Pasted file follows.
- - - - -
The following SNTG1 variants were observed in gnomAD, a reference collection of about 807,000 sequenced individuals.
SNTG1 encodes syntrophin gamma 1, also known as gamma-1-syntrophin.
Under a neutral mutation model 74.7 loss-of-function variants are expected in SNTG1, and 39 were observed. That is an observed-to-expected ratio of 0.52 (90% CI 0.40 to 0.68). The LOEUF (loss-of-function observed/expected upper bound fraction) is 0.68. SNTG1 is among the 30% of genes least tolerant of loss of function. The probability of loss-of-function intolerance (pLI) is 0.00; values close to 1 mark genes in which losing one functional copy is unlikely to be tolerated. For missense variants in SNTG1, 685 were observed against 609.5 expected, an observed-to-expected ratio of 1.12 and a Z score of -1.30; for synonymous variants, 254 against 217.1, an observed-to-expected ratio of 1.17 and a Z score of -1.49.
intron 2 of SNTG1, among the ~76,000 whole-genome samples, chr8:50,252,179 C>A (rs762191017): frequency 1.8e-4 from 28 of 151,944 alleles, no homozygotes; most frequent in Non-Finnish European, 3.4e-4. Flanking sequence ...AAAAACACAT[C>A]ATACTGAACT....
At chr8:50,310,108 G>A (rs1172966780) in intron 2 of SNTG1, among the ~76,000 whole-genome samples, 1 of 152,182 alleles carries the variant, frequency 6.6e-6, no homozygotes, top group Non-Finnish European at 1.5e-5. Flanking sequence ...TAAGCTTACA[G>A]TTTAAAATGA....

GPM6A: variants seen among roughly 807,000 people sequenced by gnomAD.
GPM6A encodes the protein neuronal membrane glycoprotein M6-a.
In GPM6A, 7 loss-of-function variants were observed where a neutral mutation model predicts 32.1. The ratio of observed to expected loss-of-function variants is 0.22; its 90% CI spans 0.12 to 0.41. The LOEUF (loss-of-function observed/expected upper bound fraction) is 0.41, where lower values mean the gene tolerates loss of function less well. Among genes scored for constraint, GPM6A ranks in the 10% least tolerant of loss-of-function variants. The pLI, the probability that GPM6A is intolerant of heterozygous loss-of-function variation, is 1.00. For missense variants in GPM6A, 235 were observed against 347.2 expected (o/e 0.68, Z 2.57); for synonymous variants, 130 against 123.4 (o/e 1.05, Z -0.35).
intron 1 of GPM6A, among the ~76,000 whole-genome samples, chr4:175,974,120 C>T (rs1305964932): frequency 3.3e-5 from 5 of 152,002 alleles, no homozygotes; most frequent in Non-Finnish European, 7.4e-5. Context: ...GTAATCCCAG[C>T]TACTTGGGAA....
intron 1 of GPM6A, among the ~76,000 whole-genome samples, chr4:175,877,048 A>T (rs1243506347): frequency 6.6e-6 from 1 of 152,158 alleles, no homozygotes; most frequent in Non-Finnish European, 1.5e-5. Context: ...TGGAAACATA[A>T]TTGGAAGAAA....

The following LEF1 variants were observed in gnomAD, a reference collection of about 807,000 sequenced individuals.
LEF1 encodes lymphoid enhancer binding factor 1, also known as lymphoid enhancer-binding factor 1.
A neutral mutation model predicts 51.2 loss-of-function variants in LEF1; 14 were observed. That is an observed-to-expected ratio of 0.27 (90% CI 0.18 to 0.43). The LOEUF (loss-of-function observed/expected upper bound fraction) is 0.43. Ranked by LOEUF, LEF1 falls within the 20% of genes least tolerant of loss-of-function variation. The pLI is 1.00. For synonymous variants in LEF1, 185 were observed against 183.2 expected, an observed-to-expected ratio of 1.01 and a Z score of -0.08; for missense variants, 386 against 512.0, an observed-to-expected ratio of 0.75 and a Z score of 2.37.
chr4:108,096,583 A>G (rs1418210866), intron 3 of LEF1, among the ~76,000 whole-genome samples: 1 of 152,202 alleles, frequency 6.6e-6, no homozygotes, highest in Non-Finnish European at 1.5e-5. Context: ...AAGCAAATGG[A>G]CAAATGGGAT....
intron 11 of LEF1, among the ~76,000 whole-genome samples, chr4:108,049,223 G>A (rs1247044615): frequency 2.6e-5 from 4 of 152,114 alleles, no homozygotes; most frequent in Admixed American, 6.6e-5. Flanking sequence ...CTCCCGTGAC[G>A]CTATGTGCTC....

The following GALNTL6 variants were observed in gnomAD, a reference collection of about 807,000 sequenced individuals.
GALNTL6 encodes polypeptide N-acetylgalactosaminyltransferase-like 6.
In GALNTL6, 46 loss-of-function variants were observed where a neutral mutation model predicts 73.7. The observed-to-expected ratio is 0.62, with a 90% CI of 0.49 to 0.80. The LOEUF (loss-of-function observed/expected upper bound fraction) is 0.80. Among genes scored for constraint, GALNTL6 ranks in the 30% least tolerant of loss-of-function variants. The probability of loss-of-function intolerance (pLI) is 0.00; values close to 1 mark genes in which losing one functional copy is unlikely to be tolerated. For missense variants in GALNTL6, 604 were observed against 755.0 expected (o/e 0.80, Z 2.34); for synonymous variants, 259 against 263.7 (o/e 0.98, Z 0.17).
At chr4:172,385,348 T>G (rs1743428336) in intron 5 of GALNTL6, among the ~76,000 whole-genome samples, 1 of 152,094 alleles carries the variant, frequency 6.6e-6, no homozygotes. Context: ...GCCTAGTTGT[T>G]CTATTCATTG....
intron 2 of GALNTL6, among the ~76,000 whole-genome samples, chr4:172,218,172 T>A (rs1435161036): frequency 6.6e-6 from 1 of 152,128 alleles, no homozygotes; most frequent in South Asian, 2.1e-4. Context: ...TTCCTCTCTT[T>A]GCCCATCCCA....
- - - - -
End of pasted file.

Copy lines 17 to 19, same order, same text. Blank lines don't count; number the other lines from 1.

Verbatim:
GALNTL6 encodes polypeptide N-acetylgalactosaminyltransferase-like 6.
In GALNTL6, 46 loss-of-function variants were observed where a neutral mutation model predicts 73.7. The observed-to-expected ratio is 0.62, with a 90% CI of 0.49 to 0.80. The LOEUF (loss-of-function observed/expected upper bound fraction) is 0.80. Among genes scored for constraint, GALNTL6 ranks in the 30% least tolerant of loss-of-function variants. The probability of loss-of-function intolerance (pLI) is 0.00; values close to 1 mark genes in which losing one functional copy is unlikely to be tolerated. For missense variants in GALNTL6, 604 were observed against 755.0 expected (o/e 0.80, Z 2.34); for synonymous variants, 259 against 263.7 (o/e 0.98, Z 0.17).
At chr4:172,385,348 T>G (rs1743428336) in intron 5 of GALNTL6, among the ~76,000 whole-genome samples, 1 of 152,094 alleles carries the variant, frequency 6.6e-6, no homozygotes. Context: ...GCCTAGTTGT[T>G]CTATTCATTG....